Residents from two villages in northern Nigeria's Adamawa state said dozens of women and girls have been abducted by suspected militants, the BBC reported.
The villagers said that the abductions took place on Saturday — a day after the Nigerian military announced a ceasefire agreement with Boko Haram, whose abduction of more than 200 schoolgirls from Chibok in April sparked worldwide protests.
Speaking to the New York Times, Roman Catholic Bishop Stephen Mamza — who is from the area but is now based in the state capital Yola – also said that the women and girls were kidnapped from their mountain village homes, near the border with Cameroon.
Residents told the bishop that a number of motorcycle-riding gunmen stormed the village of Garta, burning houses and slitting the throats of four men. They then searched for young women, taking around 60. The New York Times reported that local media outlets corroborate the bishop's claims.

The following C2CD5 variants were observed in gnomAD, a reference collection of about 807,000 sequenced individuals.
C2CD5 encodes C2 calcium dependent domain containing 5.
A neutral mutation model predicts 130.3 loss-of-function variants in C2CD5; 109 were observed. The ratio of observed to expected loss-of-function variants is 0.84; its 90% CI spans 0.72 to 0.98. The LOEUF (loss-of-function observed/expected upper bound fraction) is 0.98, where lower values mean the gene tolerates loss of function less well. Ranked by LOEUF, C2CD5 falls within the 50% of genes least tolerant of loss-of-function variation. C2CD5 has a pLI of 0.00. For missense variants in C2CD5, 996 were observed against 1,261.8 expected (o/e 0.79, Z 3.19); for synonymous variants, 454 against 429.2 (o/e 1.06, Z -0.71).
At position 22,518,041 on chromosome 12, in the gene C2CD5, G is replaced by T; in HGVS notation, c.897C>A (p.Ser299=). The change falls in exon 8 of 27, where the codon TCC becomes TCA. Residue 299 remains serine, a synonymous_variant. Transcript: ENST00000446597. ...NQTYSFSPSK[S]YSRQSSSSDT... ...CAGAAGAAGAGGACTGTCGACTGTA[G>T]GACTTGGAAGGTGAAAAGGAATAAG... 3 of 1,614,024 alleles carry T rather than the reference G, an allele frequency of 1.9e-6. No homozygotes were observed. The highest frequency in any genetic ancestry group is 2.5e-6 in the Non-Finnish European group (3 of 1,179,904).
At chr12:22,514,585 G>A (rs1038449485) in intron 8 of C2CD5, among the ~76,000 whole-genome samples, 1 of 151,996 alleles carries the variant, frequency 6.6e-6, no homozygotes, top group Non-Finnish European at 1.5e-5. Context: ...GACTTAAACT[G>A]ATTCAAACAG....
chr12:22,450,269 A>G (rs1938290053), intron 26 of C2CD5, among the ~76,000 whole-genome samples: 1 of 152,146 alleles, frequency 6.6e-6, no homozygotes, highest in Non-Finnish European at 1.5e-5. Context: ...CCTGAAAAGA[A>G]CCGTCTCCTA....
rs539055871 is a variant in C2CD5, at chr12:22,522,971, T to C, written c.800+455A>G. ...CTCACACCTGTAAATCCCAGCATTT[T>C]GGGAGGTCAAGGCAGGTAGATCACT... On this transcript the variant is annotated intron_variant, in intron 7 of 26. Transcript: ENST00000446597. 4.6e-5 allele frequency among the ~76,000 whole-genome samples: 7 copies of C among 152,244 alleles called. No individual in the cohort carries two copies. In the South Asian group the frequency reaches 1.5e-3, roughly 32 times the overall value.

Speaking to the NYT via telephone, Bishop Mamza said: "Those who were abducted are from my hometown. Of course it is credible. This is actually what is happening on a daily basis, only it is not reported."
Nigerian authorities have yet to confirm the abductions, and Boko Haram has not confirmed the truce.
On late Thursday, Chad's foreign ministry said they believe a deal between Nigeria and Boko Haram to free the Chibok girls would go ahead, despite the apparent breakdown of the truce, Reuters reported.
Chad's foreign minister Moussa Mahamat Dago said that a prisoner swap was key to the agreement.